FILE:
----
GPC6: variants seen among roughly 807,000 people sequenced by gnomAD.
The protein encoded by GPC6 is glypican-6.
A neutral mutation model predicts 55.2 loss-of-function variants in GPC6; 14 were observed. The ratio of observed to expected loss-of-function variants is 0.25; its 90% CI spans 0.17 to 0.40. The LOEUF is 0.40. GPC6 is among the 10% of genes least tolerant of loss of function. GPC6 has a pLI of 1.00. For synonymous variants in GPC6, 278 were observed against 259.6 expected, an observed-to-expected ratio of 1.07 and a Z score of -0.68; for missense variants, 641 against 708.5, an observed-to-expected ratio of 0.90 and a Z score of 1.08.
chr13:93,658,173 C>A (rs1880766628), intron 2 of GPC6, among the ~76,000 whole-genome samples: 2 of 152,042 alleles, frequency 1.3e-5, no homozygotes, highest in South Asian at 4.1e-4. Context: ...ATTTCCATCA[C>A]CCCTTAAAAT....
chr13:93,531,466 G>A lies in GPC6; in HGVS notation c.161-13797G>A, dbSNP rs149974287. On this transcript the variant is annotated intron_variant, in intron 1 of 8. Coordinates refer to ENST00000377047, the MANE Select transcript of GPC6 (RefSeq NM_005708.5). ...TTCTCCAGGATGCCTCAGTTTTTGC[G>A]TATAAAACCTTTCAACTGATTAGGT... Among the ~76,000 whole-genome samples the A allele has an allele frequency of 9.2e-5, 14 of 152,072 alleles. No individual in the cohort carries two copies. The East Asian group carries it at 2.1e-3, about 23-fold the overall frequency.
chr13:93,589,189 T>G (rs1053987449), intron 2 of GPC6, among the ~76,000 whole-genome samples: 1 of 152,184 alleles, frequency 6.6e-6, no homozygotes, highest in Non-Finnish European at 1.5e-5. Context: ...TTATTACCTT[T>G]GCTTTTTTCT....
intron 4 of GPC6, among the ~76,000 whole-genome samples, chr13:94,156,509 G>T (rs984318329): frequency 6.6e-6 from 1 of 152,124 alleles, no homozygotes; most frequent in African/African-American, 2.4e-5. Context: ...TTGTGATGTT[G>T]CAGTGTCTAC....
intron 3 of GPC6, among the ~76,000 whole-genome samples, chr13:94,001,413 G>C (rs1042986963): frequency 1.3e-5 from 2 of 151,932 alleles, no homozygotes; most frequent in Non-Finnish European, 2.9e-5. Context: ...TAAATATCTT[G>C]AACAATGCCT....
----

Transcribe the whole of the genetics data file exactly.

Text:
GPC6: variants seen among roughly 807,000 people sequenced by gnomAD.
The protein encoded by GPC6 is glypican-6.
A neutral mutation model predicts 55.2 loss-of-function variants in GPC6; 14 were observed. The ratio of observed to expected loss-of-function variants is 0.25; its 90% CI spans 0.17 to 0.40. The LOEUF is 0.40. GPC6 is among the 10% of genes least tolerant of loss of function. GPC6 has a pLI of 1.00. For synonymous variants in GPC6, 278 were observed against 259.6 expected, an observed-to-expected ratio of 1.07 and a Z score of -0.68; for missense variants, 641 against 708.5, an observed-to-expected ratio of 0.90 and a Z score of 1.08.
chr13:93,658,173 C>A (rs1880766628), intron 2 of GPC6, among the ~76,000 whole-genome samples: 2 of 152,042 alleles, frequency 1.3e-5, no homozygotes, highest in South Asian at 4.1e-4. Context: ...ATTTCCATCA[C>A]CCCTTAAAAT....
chr13:93,531,466 G>A lies in GPC6; in HGVS notation c.161-13797G>A, dbSNP rs149974287. On this transcript the variant is annotated intron_variant, in intron 1 of 8. Coordinates refer to ENST00000377047, the MANE Select transcript of GPC6 (RefSeq NM_005708.5). ...TTCTCCAGGATGCCTCAGTTTTTGC[G>A]TATAAAACCTTTCAACTGATTAGGT... Among the ~76,000 whole-genome samples the A allele has an allele frequency of 9.2e-5, 14 of 152,072 alleles. No individual in the cohort carries two copies. The East Asian group carries it at 2.1e-3, about 23-fold the overall frequency.
chr13:93,589,189 T>G (rs1053987449), intron 2 of GPC6, among the ~76,000 whole-genome samples: 1 of 152,184 alleles, frequency 6.6e-6, no homozygotes, highest in Non-Finnish European at 1.5e-5. Context: ...TTATTACCTT[T>G]GCTTTTTTCT....
intron 4 of GPC6, among the ~76,000 whole-genome samples, chr13:94,156,509 G>T (rs984318329): frequency 6.6e-6 from 1 of 152,124 alleles, no homozygotes; most frequent in African/African-American, 2.4e-5. Context: ...TTGTGATGTT[G>T]CAGTGTCTAC....
intron 3 of GPC6, among the ~76,000 whole-genome samples, chr13:94,001,413 G>C (rs1042986963): frequency 1.3e-5 from 2 of 151,932 alleles, no homozygotes; most frequent in Non-Finnish European, 2.9e-5. Context: ...TAAATATCTT[G>C]AACAATGCCT....